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06-11-2011, 05:27 AM   #16
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QuoteOriginally posted by Northern Soul Quote
Having five cats may, of course, put the birds off, Sal
LOL! It's three these days and they don't go out in 12" of snow!

But seriously, the most important things for getting wildlife photos are lots of patience and some understanding of the natural history of your subject. It's not good putting out seed to attract an insect feeder, for example. I've managed some good shots at the local wildfowl pond, again assisted by the very cold (for us) weather and ice - more birds than normal, bolder than normal, and I got there when there was some great light.

(this is an Olympus E510 image with the 70-300mm lens at 300mm and I cloned out some of the bird poo on the ice!)




06-11-2011, 07:09 AM   #17
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As others have mentioned, birds will get used to you if you don't move around alot. I f you have to move go slooowly. This was taken hand held. Thank goodness for great SR!

https://www.pentaxforums.com/forums/post-your-photos/146921-nature-cross-eyed-owl-chick.html
06-11-2011, 12:25 PM   #18
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Always use the fastest shutter speed you can and with the Quantaray, probably stopped down to at least f8 or more. If you have the time, take lots of shots. Manual focus can be better sometimes. AF takes in a fairly large area and may focus on a leaf or branch or something else just in front or behind which may make the bird not as sharp. When I shoot Herons, Owls, or any bird really, I try to concentrate my focus on the eyes or if the bird is smaller, the feather details right around the head.
06-12-2011, 04:10 AM   #19
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I have seen some great back-yard shots from putting natural looking material, like a moss covered branch, or fixing up a bird bath with rocks and moss to make it look natural. I would have one myself, but the wife wouldn't think it looks too good.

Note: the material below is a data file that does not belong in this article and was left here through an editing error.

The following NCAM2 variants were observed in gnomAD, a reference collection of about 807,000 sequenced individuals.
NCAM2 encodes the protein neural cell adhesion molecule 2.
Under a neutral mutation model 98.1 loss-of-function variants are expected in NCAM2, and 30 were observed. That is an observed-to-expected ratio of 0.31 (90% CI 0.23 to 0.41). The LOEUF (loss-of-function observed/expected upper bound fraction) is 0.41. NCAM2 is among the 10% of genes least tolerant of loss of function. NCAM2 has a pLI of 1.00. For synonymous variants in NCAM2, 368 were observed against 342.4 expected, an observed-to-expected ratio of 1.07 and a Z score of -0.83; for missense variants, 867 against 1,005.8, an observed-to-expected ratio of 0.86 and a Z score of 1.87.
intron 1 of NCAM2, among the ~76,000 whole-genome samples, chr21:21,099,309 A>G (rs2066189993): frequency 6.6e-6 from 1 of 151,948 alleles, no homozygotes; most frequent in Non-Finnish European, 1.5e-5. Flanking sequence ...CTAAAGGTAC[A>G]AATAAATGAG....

06-12-2011, 04:36 AM   #20
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We have some really rare birds (for this region) where I live. They are called "Bush Stone Curlews". They would be excellent to photograph since their reaction to any perceived threat is to stand still. They would also rather walk away than fly.
The only problem is - they are mostly nocturnal (and make a huge noise of a night). I've seen them during the day but not for ages and not after I had the new DSLR.
06-12-2011, 05:14 AM   #21
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QuoteOriginally posted by newarts Quote
Robert Capa, an important combat photographer famously said "get closer"..
I don't follow that advice when it comes to combat but it works with birds.
06-12-2011, 06:23 AM   #22
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"Any tips for photographing birds?"

1. Patience
2. Patience
3. Be willing to accept what nature offers warts and all - when you are out in the field it's not like you are doing portraits in a studio. You can't micro manage nature.
4. Know at least as much about birds as you do about your gear.
5. All else being equal always use a tripod.
6. Patience
7. Patience
06-12-2011, 06:24 AM   #23
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QuoteOriginally posted by Bill_R Quote
------------. I've seen them during the day but not for ages and not after I had the new DSLR.
When I go out on the property with my new camera and the "big lens" I tell the wife "going out to scare off all the birds" because that's what happens sometimes

06-12-2011, 06:47 AM - 1 Like   #24
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QuoteOriginally posted by Rocketvapor Quote